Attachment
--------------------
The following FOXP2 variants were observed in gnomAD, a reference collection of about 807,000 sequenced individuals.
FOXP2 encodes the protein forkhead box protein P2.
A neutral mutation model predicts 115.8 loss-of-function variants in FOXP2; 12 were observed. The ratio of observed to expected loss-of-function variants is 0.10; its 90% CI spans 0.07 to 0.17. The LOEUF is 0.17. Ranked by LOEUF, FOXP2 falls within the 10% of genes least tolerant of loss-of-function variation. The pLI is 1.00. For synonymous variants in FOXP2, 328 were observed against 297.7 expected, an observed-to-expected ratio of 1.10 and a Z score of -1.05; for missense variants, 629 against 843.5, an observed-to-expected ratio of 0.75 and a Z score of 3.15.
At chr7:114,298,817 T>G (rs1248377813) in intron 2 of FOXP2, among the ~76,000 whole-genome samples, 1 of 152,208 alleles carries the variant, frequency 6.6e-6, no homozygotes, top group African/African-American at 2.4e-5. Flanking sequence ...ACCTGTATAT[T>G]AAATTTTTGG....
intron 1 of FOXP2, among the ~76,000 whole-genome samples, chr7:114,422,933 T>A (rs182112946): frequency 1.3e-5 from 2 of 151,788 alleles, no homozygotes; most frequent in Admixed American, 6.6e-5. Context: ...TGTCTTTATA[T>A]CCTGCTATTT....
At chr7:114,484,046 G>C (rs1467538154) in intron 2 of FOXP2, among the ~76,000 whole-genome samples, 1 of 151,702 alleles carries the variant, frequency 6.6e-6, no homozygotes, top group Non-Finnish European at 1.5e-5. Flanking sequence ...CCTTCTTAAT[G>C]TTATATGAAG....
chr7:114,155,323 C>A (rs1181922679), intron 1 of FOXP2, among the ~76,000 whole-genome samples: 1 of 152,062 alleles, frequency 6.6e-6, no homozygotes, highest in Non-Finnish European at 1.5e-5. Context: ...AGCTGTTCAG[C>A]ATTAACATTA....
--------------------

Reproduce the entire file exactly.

The following FOXP2 variants were observed in gnomAD, a reference collection of about 807,000 sequenced individuals.
FOXP2 encodes the protein forkhead box protein P2.
A neutral mutation model predicts 115.8 loss-of-function variants in FOXP2; 12 were observed. The ratio of observed to expected loss-of-function variants is 0.10; its 90% CI spans 0.07 to 0.17. The LOEUF is 0.17. Ranked by LOEUF, FOXP2 falls within the 10% of genes least tolerant of loss-of-function variation. The pLI is 1.00. For synonymous variants in FOXP2, 328 were observed against 297.7 expected, an observed-to-expected ratio of 1.10 and a Z score of -1.05; for missense variants, 629 against 843.5, an observed-to-expected ratio of 0.75 and a Z score of 3.15.
At chr7:114,298,817 T>G (rs1248377813) in intron 2 of FOXP2, among the ~76,000 whole-genome samples, 1 of 152,208 alleles carries the variant, frequency 6.6e-6, no homozygotes, top group African/African-American at 2.4e-5. Flanking sequence ...ACCTGTATAT[T>G]AAATTTTTGG....
intron 1 of FOXP2, among the ~76,000 whole-genome samples, chr7:114,422,933 T>A (rs182112946): frequency 1.3e-5 from 2 of 151,788 alleles, no homozygotes; most frequent in Admixed American, 6.6e-5. Context: ...TGTCTTTATA[T>A]CCTGCTATTT....
At chr7:114,484,046 G>C (rs1467538154) in intron 2 of FOXP2, among the ~76,000 whole-genome samples, 1 of 151,702 alleles carries the variant, frequency 6.6e-6, no homozygotes, top group Non-Finnish European at 1.5e-5. Flanking sequence ...CCTTCTTAAT[G>C]TTATATGAAG....
chr7:114,155,323 C>A (rs1181922679), intron 1 of FOXP2, among the ~76,000 whole-genome samples: 1 of 152,062 alleles, frequency 6.6e-6, no homozygotes, highest in Non-Finnish European at 1.5e-5. Context: ...AGCTGTTCAG[C>A]ATTAACATTA....